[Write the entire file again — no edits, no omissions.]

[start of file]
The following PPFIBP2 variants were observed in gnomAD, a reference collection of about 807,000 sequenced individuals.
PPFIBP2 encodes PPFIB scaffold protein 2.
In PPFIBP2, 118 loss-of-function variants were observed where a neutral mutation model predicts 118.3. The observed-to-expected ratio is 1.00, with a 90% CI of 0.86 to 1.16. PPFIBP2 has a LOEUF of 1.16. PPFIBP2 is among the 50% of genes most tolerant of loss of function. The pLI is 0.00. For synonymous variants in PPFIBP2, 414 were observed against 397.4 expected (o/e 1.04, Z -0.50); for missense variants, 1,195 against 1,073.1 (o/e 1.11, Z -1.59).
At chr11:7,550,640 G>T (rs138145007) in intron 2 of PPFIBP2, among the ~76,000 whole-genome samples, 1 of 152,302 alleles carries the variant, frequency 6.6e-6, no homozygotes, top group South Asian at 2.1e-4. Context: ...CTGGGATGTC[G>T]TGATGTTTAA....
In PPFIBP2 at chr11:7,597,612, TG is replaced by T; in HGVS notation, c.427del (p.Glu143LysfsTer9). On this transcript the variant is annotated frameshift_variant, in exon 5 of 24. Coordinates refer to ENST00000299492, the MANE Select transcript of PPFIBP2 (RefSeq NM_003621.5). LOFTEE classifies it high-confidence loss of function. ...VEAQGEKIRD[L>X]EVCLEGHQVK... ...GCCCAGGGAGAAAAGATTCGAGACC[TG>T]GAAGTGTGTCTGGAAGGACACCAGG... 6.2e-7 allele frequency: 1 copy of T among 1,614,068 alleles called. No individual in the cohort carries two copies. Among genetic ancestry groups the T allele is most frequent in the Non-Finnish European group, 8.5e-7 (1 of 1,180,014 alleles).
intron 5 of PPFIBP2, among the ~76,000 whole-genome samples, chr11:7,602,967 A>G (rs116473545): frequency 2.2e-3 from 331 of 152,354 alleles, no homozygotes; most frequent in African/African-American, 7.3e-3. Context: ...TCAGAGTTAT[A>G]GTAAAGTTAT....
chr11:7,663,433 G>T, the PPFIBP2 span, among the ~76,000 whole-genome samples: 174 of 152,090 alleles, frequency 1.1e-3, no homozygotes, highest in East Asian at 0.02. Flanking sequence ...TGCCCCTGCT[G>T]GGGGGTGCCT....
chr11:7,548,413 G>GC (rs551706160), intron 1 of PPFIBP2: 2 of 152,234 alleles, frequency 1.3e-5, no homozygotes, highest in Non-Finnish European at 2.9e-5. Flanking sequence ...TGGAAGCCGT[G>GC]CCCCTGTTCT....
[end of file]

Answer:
The following PPFIBP2 variants were observed in gnomAD, a reference collection of about 807,000 sequenced individuals.
PPFIBP2 encodes PPFIB scaffold protein 2.
In PPFIBP2, 118 loss-of-function variants were observed where a neutral mutation model predicts 118.3. The observed-to-expected ratio is 1.00, with a 90% CI of 0.86 to 1.16. PPFIBP2 has a LOEUF of 1.16. PPFIBP2 is among the 50% of genes most tolerant of loss of function. The pLI is 0.00. For synonymous variants in PPFIBP2, 414 were observed against 397.4 expected (o/e 1.04, Z -0.50); for missense variants, 1,195 against 1,073.1 (o/e 1.11, Z -1.59).
At chr11:7,550,640 G>T (rs138145007) in intron 2 of PPFIBP2, among the ~76,000 whole-genome samples, 1 of 152,302 alleles carries the variant, frequency 6.6e-6, no homozygotes, top group South Asian at 2.1e-4. Context: ...CTGGGATGTC[G>T]TGATGTTTAA....
In PPFIBP2 at chr11:7,597,612, TG is replaced by T; in HGVS notation, c.427del (p.Glu143LysfsTer9). On this transcript the variant is annotated frameshift_variant, in exon 5 of 24. Coordinates refer to ENST00000299492, the MANE Select transcript of PPFIBP2 (RefSeq NM_003621.5). LOFTEE classifies it high-confidence loss of function. ...VEAQGEKIRD[L>X]EVCLEGHQVK... ...GCCCAGGGAGAAAAGATTCGAGACC[TG>T]GAAGTGTGTCTGGAAGGACACCAGG... 6.2e-7 allele frequency: 1 copy of T among 1,614,068 alleles called. No individual in the cohort carries two copies. Among genetic ancestry groups the T allele is most frequent in the Non-Finnish European group, 8.5e-7 (1 of 1,180,014 alleles).
intron 5 of PPFIBP2, among the ~76,000 whole-genome samples, chr11:7,602,967 A>G (rs116473545): frequency 2.2e-3 from 331 of 152,354 alleles, no homozygotes; most frequent in African/African-American, 7.3e-3. Context: ...TCAGAGTTAT[A>G]GTAAAGTTAT....
chr11:7,663,433 G>T, the PPFIBP2 span, among the ~76,000 whole-genome samples: 174 of 152,090 alleles, frequency 1.1e-3, no homozygotes, highest in East Asian at 0.02. Flanking sequence ...TGCCCCTGCT[G>T]GGGGGTGCCT....
chr11:7,548,413 G>GC (rs551706160), intron 1 of PPFIBP2: 2 of 152,234 alleles, frequency 1.3e-5, no homozygotes, highest in Non-Finnish European at 2.9e-5. Flanking sequence ...TGGAAGCCGT[G>GC]CCCCTGTTCT....